Until August 27
Edited by James Bennett, Nancy Cushing & Erik Eklund
New South Publishers, 2015
Exhibitions like RAD, now showing at the Newcastle Museum, and Radical Newcastle, the book that inspired it, help each generation of activists remember and learn the lessons of previous struggles.
A new wave of neo-fascist sentiment has been emerging in recent years in Europe, endangering the basis of Western democracy.
Just think of the Ukraine, where the Communist Party has been banned, or Hungary, where the President Viktor Orban built an anti-migrant wall along the Serbian border (and is about to build a new one). Or Poland, where the parliament recently approved an illiberal law designed to limit the autonomy of the judiciary, subordinating it to the diktats of the justice minister.
Residents of the Gronn Place public housing estate in West Brunswick vowed to resist eviction at a community forum on July 15.
Gronn Place residents’ spokesperson Neville, who has lived there for 30 years, said, “We will not let them tear down our homes,” adding that he would chain himself inside his home. “I'm not going anywhere. They’ll have to drag me out.”
About 80 residents and supporters attended the lively community forum, the first since residents received letters that they would be evicted.
Some 150 people gathered at Carriageworks in Redfern on July 17 to launch an exhibition marking the centenary of one of the largest industrial confrontations in Australia’s history.
1917: The Great Strike is a commemorative exhibition featuring archival images, moving footage, oral history excerpts and commissioned artworks depicting this landmark struggle. It is a joint effort by Carriageworks and the City of Sydney, in partnership with the National Film and Sound Archive of Australia (NFSA) and will run until August 27.
Infamous right-wing ideologue Andrew Bolt penned a "column of shame" about Venezuela in the Murdoch media on July 13. The column is a clear example of what might be dubbed "Bolt's Law": anything he writes is the opposite of the truth unless proved otherwise.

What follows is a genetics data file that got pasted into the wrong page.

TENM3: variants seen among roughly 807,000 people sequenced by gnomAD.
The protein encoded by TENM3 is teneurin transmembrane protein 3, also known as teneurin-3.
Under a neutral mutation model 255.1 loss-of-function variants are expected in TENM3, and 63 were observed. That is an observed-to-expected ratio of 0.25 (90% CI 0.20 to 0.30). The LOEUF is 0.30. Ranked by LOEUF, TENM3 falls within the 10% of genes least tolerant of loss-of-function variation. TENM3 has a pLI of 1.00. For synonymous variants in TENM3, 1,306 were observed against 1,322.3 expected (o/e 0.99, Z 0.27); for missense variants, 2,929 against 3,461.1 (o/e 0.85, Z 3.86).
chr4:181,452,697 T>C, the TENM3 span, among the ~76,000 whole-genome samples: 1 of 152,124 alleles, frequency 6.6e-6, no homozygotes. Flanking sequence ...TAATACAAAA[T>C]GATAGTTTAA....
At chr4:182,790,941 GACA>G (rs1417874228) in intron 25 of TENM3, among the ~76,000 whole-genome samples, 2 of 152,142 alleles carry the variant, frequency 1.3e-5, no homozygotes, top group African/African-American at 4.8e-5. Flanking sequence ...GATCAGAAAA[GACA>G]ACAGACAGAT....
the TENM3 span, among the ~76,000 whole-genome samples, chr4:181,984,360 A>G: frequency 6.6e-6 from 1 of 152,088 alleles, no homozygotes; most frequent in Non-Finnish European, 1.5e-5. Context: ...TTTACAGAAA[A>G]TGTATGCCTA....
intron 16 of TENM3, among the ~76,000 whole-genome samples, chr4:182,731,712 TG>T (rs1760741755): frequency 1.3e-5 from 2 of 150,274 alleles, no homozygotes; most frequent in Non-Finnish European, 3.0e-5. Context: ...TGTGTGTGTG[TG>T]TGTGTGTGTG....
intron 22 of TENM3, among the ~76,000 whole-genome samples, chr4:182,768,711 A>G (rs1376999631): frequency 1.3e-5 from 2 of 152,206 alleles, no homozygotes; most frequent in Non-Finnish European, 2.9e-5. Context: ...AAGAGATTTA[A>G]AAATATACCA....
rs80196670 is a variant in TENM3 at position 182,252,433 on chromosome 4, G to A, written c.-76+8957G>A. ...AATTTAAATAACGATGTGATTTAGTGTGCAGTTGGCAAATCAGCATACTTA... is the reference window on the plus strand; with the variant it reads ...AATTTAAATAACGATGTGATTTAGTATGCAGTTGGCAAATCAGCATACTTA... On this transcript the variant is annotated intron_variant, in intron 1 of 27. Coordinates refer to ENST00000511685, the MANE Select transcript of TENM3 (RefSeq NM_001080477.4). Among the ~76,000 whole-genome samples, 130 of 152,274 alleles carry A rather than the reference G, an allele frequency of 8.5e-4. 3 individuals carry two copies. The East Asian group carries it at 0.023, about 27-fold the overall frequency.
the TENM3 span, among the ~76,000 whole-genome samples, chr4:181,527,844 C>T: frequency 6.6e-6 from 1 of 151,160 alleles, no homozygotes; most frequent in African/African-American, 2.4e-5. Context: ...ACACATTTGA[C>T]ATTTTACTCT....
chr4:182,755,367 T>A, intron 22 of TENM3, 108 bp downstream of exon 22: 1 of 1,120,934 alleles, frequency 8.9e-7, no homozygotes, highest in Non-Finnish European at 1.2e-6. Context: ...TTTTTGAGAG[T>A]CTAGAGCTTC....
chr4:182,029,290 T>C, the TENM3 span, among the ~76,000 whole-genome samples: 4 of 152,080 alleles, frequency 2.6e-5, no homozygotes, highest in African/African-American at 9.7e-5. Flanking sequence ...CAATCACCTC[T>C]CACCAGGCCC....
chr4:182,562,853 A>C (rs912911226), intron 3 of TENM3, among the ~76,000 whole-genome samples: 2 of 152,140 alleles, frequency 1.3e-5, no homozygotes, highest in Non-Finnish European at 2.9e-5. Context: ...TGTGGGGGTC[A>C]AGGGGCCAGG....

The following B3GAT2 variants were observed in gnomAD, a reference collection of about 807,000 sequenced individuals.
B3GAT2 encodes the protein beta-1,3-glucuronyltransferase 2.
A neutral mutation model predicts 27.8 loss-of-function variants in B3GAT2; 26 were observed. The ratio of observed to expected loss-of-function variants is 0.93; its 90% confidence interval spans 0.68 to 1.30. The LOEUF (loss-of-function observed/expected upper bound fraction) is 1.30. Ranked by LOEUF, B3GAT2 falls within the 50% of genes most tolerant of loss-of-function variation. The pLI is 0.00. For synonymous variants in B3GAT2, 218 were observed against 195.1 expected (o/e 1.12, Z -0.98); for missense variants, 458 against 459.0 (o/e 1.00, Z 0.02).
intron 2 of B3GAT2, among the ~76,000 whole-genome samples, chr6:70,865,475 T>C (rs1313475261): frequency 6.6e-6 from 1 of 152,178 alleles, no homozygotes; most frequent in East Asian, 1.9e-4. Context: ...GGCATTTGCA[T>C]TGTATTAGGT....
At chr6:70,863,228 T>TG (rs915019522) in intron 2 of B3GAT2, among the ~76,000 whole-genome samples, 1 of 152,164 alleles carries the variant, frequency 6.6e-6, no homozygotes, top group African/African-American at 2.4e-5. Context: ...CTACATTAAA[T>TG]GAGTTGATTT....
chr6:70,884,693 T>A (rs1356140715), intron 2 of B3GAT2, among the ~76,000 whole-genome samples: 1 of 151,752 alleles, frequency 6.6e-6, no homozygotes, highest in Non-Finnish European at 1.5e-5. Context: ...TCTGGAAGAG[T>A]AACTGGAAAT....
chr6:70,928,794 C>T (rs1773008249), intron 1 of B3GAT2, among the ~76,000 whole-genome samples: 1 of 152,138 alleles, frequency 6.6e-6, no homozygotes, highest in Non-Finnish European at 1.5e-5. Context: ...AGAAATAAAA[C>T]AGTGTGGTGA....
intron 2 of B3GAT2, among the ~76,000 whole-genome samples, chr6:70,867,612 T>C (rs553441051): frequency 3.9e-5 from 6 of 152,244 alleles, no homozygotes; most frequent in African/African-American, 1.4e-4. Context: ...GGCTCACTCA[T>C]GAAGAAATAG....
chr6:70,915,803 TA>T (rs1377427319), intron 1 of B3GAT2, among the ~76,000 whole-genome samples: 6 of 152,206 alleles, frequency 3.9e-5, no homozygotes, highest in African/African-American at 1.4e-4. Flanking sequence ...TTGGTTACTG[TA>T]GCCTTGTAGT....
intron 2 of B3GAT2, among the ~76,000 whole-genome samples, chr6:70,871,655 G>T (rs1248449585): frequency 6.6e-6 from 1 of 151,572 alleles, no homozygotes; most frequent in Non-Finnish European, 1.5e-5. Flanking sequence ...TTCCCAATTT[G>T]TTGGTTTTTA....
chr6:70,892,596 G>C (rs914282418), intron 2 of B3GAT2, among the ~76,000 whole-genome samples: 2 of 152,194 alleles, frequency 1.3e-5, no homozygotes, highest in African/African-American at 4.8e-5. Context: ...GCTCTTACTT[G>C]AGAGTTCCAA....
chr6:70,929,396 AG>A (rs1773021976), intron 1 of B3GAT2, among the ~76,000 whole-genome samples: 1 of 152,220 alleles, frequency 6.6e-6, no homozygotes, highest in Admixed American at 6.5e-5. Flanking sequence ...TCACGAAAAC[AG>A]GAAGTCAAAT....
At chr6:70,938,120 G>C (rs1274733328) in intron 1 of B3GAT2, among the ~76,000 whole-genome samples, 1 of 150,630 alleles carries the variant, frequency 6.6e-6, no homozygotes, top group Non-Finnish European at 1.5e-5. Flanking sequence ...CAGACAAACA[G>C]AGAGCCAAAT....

Unions NSW: Wage theft the new business model
A Unions NSW report Lighting up the black market: Enforcing minimum wages, released on July 17, found 80% of a sample of online job advertisements in Korean, Chinese and Spanish publications around the country paid below award rates.
The first-ever major report looking into the secretive workings of the Big Four accountancy firms that assist individuals and companies to evade taxes has been released by members of European Parliament from the European United Left-Nordic Green Left (GUE/NGL) who sit on the European Parliament’s Panama Papers inquiry committee.
The study analyses the size, scope and location of the activities of the Big Four accounting firms. Its findings include that these firms are heavily over-represented in tax havens when compared with the population size and GDP, where they make exceptional profits.
Bolivian President Evo Morales has rejected the United States economic blockade imposed on Cuba, as well as President Donald Trump’s decision to backtrack on the normalisation of diplomatic relations with Havana.
In a public letter sent to his Cuban counterpart Raul Castro, Morales repeated his nation’s “unconditional support and solidarity” with the Cuban Revolution and the “most heroic people of the continent”.
There is no genuine reason why Australia cannot have 100% renewable electricity in less than a decade, at sharply reduced prices.
In May a vice-president of Sempra Energy, one of the largest utility firms in the US, caused a stir by stating flatly that there was no longer any technical obstacle to powering California with 100% renewables.